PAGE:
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Justin Haley, Carson Hocevar are asking for your NASCAR All-Star votes in funny ways

It is campaign season in North Carolina and two NASCAR drivers are getting in the spirit.

Carson Hocevar and Justin Haley have gotten out on the campaign trail — virtual and in-person — in pursuit of enough votes to put them into Sunday’s All-Star Race, the exhibition race with a $1 million prize.

The All-Star Race Fan Vote is the annual tradition in which fans can vote daily for their favorite driver — provided that driver does not have a guaranteed spot in the All-Star Race. The driver who receives the most votes will secure a spot in the main event.

According to NASCAR, Hocevar is top five in receiving votes.

RFK Racing will bring back the Stage 60 entry for Sonoma Raceway.

Winning the Fan Vote is the goal of both drivers and they have been avid in their pursuit.

There have been varying strategies implemented over the years by drivers seeking the fan votes. Some drivers have simply posted messages on X, the site formerly known as Twitter, asking for fans to support them.

Hocevar and Haley took a wildly different approach by getting in the election spirit and releasing multiple campaign videos. Haley’s videos even had a bald eagle.

“This has been a great spot for me to break out and show some personality in a professional setting,” Haley said ahead of the All-Star Race weekend. "...I’m a one shot kind of guy. If I don’t do it in the first take, I will mess up the rest of the takes forever.”

Hocevar showed his strategy early in the voting process. He sought out multiple Cup drivers on Cameo — a site where people pay celebrities to record video messages.

Hocevar paid Kaz Grala, Austin Dillon and Anthony Alfredo to record videos supporting him in his “voting battle.” Grala and Dillon are both on the Fan Vote ballot.

Hocevar even said that if Haley had a Cameo account, he would have reached out to him for a video.

“I mean, I reached out to everyone that did have (a Cameo) that was in the vote,” Hocevar said. “If there were more people that had Cameos, I would have tried to reach out to them.”

None of Hocevar’s NASCAR “opponents” have been off-limits this campaign season as he sought out votes. He tried eating watermelon off the ground like Ross Chastain does. Hocevar jokingly yelled “I beat your favorite driver” at a person in a car. He taped a photo of Chase Elliott’s face over his own head.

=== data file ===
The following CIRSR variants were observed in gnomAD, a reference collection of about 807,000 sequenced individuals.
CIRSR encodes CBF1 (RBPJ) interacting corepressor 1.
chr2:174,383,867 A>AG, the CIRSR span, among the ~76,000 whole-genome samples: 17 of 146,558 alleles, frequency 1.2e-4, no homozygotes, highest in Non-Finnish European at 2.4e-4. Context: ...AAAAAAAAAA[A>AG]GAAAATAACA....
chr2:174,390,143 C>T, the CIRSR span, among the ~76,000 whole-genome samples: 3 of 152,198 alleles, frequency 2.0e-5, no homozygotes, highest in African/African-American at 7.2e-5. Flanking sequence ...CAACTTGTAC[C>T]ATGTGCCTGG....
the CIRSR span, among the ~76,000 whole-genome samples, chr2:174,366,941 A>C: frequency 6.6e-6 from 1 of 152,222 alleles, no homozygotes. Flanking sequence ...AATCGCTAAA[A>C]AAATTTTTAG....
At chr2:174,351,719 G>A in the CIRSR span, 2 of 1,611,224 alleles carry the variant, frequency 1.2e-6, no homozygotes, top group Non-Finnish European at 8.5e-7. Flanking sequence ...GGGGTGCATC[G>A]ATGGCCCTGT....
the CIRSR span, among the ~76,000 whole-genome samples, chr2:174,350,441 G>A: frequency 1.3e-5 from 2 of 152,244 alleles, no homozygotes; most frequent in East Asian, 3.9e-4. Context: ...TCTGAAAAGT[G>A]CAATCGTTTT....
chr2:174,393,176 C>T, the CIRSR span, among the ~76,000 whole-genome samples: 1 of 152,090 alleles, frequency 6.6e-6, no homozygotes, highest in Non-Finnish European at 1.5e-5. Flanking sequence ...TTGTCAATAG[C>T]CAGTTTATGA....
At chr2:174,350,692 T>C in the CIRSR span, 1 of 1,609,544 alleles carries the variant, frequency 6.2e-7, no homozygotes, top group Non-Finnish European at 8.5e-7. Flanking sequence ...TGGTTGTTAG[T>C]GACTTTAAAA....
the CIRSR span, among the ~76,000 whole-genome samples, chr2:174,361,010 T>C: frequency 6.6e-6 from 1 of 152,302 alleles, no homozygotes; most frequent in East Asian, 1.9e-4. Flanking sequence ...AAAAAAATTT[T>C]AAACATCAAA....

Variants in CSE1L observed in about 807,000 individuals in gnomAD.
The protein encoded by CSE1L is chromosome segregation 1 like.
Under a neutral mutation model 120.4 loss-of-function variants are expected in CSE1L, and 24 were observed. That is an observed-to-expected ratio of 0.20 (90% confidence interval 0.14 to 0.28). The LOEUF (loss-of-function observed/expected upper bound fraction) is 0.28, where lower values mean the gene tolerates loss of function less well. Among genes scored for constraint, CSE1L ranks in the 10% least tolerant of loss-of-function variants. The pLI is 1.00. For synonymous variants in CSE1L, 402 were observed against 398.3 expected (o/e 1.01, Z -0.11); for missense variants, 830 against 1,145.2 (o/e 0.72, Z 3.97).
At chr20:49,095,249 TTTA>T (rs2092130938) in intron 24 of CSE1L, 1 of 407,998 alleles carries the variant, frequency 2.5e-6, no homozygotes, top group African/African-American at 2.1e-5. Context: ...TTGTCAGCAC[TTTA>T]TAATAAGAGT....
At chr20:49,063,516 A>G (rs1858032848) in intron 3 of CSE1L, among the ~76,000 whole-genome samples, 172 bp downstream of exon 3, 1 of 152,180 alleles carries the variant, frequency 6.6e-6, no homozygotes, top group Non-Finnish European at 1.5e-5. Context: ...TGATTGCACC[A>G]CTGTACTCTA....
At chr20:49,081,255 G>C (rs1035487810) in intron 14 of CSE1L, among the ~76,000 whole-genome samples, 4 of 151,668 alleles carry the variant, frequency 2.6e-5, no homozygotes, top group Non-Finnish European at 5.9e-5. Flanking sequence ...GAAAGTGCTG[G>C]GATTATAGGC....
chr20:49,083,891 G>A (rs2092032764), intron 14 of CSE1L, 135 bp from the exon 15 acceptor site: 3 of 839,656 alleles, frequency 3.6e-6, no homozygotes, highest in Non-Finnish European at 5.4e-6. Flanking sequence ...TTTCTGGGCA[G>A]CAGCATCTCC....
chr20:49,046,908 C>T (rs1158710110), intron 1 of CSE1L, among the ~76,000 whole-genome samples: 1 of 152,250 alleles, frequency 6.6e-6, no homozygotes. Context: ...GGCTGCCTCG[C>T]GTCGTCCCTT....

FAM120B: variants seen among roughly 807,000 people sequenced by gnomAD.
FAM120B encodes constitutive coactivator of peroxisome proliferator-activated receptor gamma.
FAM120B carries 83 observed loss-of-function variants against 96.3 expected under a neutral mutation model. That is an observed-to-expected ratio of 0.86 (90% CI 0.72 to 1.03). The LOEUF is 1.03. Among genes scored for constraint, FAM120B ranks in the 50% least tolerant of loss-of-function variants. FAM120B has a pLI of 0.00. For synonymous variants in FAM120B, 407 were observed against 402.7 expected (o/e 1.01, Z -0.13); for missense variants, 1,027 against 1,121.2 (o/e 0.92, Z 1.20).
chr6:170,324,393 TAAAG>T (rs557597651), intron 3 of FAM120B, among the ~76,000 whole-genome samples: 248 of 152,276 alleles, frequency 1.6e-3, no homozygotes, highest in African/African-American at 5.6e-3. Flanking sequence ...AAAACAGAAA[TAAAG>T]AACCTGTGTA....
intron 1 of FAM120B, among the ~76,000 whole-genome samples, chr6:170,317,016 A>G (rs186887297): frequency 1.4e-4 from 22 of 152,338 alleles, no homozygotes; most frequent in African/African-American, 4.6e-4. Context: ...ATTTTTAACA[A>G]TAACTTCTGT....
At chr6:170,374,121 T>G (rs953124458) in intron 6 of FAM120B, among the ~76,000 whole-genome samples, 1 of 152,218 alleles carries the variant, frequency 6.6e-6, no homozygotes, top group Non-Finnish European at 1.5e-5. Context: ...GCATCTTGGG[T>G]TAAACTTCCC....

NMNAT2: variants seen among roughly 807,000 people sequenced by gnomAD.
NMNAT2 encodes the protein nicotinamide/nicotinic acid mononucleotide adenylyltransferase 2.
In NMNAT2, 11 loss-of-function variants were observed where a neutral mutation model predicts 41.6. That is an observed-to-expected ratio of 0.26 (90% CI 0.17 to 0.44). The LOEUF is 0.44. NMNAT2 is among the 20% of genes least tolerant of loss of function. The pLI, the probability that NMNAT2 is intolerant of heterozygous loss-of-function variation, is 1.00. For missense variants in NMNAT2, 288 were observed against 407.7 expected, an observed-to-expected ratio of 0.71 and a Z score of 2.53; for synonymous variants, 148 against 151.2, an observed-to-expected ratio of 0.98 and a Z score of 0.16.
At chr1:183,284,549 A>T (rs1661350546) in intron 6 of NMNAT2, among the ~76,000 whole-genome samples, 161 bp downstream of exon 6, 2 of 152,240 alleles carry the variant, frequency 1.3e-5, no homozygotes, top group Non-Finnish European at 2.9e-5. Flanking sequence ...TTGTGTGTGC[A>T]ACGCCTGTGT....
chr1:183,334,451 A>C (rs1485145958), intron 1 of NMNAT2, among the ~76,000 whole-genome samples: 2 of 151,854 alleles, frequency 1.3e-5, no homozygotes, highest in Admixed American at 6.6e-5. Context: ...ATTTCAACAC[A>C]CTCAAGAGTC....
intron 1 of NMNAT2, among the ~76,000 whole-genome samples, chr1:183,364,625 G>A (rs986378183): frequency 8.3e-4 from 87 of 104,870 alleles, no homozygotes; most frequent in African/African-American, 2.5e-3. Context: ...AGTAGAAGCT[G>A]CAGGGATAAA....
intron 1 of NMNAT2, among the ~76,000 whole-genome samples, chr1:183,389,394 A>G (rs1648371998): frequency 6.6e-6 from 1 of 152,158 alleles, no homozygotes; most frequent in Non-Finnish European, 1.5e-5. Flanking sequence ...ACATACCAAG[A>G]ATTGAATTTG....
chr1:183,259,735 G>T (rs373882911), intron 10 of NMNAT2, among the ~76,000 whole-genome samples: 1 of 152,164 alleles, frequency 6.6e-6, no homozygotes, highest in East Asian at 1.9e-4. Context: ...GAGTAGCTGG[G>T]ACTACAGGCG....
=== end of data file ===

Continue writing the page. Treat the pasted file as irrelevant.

Hocevar even “took over” Dale Earnhardt Jr.'s podcast to go on a joking rant about horsepower.

Haley, who has released three campaign videos, made multiple promises to his constituents while pursuing votes. He said that if the fans voted for him, puppies would not age and every day would be 70 degrees and sunny.

Haley promised to lower inflation (of tires) and to rip the wall in his No. 51 Ford. All he needed from the fans in return was for them to vote “Hale Yes” every day leading up to the All-Star Race.

Of course, Haley wasn’t done after announcing his candidacy for the NASCAR All-Star Race.

Like any good politician, Haley changed his tactics once Hocevar’s Cameo video surfaced on X. Haley released another campaign video, one that criticized his opponents for “paying for votes.”

Haley dropped his third campaign video after the trip to Darlington, the track where he scored his first top-10 finish as a member of Rick Ware Racing. This latest video featured people on the street saying that they were going to vote Hale Yes and get Haley into the All-Star Race.

While Hocevar and Haley embraced the fun side of campaigning for votes, there were other reasons why they became heavily invested in the process.

For Hocevar, winning the All-Star Race Fan Vote is an opportunity to continue helping Spire Motorsports improve.

“We want to make our cars better,” Hocevar said. “It’s a free race that we can potentially have. We can go from the Open and then try stuff for the big show if we can get in. The big show’s 200 laps, I think versus, 100.

“So you get more options, get more laps, more data. So no-brainer for me to do anything I can to get in that race.”

The former Cup champion scored his 36th career Cup victory but first as co-owner of RFK Racing this past weekend.

For Haley, he recognizes that he’s had to make some changes while moving through the racing ranks. He had to be more calculated in his approach and how he presents himself to the public. This is beneficial in terms of making teams and sponsors happy but it doesn’t always draw in the fans.

Being able to release the “Hale Yes” videos was an opportunity for Haley to mix the professionalism with the personality. He could showcase his fun side while keeping the sponsors happy and he could better connect with a fanbase seeking star power.

So far, the campaign videos are paying dividends.

“Walking to congratulate Brad (Keselowski) in victory lane (at Darlington), I’ve never had that many fans scream at me ... in a good way,” Haley said. “I mean, they all were just saying ‘Hale yes.’ I mean, it was screams from all over.

“So that was pretty cool to know that ... You can do all this stuff and put it out but to know that it actually translated was eye-opening for me.”